My daughter-in-law, Nannette and I landed in Mexico City and were immediately on our way to Tepoztlán to visit her friend.
We had no idea what to expect after traveling on a slow bus through the dark mountains to Cuernavaca but we hailed a taxi and soldiered on. (See easier transportation below.)
We had been warned that Tepoztlàn is a tourist town but saw no signs of this as our cab wound its way up and down and through the steep, narrow, cobblestone streets. Finally the driver held my cell phone to his ear, getting corner-by-corner instructions from our hostess.
What we found the next morning was a charming mountain village. We got our first look around before breakfast when our hostess sent us for fresh tortillas. With friendly instructions from a group of men at our third turn and after wandering into the wrong yard, we located the shop. We chatted with the owner and met her family while waiting for our piping hot tortillas.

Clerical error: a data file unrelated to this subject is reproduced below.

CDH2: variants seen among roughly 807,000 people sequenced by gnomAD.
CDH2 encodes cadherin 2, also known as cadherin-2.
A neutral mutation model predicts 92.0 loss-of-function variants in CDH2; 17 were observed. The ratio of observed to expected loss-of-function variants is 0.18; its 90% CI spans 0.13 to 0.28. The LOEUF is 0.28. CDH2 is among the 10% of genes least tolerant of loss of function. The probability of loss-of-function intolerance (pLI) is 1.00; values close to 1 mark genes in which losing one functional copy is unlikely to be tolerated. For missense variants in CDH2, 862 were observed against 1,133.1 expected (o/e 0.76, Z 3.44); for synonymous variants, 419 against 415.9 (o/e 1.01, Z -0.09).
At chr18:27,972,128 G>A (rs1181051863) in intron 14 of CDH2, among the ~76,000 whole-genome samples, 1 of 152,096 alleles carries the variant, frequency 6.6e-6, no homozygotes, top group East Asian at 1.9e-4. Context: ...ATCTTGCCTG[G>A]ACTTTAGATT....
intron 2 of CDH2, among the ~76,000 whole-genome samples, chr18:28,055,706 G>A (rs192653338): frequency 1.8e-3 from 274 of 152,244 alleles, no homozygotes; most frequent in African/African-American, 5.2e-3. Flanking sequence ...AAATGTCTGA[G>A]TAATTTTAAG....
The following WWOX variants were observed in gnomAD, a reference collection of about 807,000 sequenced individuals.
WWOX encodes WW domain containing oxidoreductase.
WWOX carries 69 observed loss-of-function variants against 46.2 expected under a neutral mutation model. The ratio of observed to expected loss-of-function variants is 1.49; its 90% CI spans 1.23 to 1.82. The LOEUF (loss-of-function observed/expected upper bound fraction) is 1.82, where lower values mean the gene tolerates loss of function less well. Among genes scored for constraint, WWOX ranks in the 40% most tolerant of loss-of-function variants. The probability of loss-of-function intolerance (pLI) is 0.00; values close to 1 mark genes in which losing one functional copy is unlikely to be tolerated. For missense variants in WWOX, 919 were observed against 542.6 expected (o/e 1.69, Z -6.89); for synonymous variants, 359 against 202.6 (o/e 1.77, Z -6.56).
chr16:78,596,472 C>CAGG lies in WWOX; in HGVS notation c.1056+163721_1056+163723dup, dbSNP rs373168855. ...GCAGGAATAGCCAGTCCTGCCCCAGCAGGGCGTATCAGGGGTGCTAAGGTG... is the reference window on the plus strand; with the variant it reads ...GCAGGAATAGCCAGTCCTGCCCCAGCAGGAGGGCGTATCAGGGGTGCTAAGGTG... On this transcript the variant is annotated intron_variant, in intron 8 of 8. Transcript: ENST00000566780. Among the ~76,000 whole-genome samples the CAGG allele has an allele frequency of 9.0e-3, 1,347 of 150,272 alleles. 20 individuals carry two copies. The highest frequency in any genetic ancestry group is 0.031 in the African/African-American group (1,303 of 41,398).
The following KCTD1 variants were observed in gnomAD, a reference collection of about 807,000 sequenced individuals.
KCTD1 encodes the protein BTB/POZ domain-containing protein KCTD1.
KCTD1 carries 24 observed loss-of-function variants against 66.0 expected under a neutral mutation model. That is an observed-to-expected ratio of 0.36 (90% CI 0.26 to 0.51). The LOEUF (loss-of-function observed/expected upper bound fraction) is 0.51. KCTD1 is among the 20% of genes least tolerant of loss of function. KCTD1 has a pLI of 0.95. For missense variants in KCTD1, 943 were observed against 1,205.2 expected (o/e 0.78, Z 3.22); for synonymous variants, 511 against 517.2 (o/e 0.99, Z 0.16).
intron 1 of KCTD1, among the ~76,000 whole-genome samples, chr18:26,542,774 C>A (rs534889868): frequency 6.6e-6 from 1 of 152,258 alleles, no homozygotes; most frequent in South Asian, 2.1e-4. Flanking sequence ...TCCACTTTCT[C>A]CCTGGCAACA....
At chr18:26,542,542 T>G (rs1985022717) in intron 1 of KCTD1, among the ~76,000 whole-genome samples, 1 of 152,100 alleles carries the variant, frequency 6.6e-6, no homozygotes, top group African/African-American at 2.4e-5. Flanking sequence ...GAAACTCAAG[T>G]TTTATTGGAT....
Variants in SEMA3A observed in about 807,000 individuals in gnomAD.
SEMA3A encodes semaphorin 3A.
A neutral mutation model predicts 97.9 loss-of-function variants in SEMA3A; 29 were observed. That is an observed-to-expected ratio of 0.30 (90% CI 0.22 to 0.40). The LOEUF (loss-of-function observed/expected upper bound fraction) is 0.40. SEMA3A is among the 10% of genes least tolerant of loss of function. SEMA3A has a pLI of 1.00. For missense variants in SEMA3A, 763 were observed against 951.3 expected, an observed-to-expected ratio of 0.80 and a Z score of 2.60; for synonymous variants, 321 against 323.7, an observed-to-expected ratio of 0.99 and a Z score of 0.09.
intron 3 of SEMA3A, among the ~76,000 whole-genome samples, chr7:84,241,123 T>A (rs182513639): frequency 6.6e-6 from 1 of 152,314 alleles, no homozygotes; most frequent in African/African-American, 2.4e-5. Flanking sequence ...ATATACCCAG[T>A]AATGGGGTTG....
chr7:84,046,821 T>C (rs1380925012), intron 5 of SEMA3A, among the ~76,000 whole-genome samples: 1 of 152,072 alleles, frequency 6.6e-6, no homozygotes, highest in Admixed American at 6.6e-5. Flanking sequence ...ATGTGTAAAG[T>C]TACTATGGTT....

Being here a week before Dia de los Muertos let us in on the the local traditions. Bells were ringing loudly, often and long. Firecrackers
and fireworks provided the staccato. Our friends told us
(and a local bell-ringer verified) that the church bells will ring for 24 hours in honor of the ancestors next week.
I don’t know what happens on weekdays but the town was hopping on Saturday. Markets lined the streets and filled the zocalo well into the night.
Any tourists seemed to be weekenders or daytrippers from Mexico City.
Visitors and residents are treated to a plethora of spas. Opportunities for massages and Sweat Lodges line the main street.
Tepoztlàn was a much better choice for us than Mexico City. From small towns to a small town seems a perfect transition.
Easiest way from Mexico City is Pullman de Morelos. Get a cab from the airport to the bus station. The buses leave often and will drop you at a station just above Tepoztlàn. From there for around 30 pesos, get a taxi to the zocalo or your destination in town.